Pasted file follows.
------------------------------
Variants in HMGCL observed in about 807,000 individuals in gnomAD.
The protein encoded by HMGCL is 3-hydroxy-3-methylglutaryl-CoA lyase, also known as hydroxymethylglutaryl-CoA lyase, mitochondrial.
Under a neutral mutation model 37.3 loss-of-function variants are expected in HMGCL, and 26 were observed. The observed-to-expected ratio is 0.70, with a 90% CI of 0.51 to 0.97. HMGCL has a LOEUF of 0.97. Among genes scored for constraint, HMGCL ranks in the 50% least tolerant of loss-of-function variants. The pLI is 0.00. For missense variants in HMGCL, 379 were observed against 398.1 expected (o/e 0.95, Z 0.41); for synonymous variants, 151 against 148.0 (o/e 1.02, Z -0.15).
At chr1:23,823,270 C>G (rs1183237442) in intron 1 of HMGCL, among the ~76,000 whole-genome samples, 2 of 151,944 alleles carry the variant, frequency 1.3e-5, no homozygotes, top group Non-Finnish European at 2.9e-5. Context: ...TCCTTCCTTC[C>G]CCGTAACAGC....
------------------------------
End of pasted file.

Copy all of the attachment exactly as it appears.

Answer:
Variants in HMGCL observed in about 807,000 individuals in gnomAD.
The protein encoded by HMGCL is 3-hydroxy-3-methylglutaryl-CoA lyase, also known as hydroxymethylglutaryl-CoA lyase, mitochondrial.
Under a neutral mutation model 37.3 loss-of-function variants are expected in HMGCL, and 26 were observed. The observed-to-expected ratio is 0.70, with a 90% CI of 0.51 to 0.97. HMGCL has a LOEUF of 0.97. Among genes scored for constraint, HMGCL ranks in the 50% least tolerant of loss-of-function variants. The pLI is 0.00. For missense variants in HMGCL, 379 were observed against 398.1 expected (o/e 0.95, Z 0.41); for synonymous variants, 151 against 148.0 (o/e 1.02, Z -0.15).
At chr1:23,823,270 C>G (rs1183237442) in intron 1 of HMGCL, among the ~76,000 whole-genome samples, 2 of 151,944 alleles carry the variant, frequency 1.3e-5, no homozygotes, top group Non-Finnish European at 2.9e-5. Context: ...TCCTTCCTTC[C>G]CCGTAACAGC....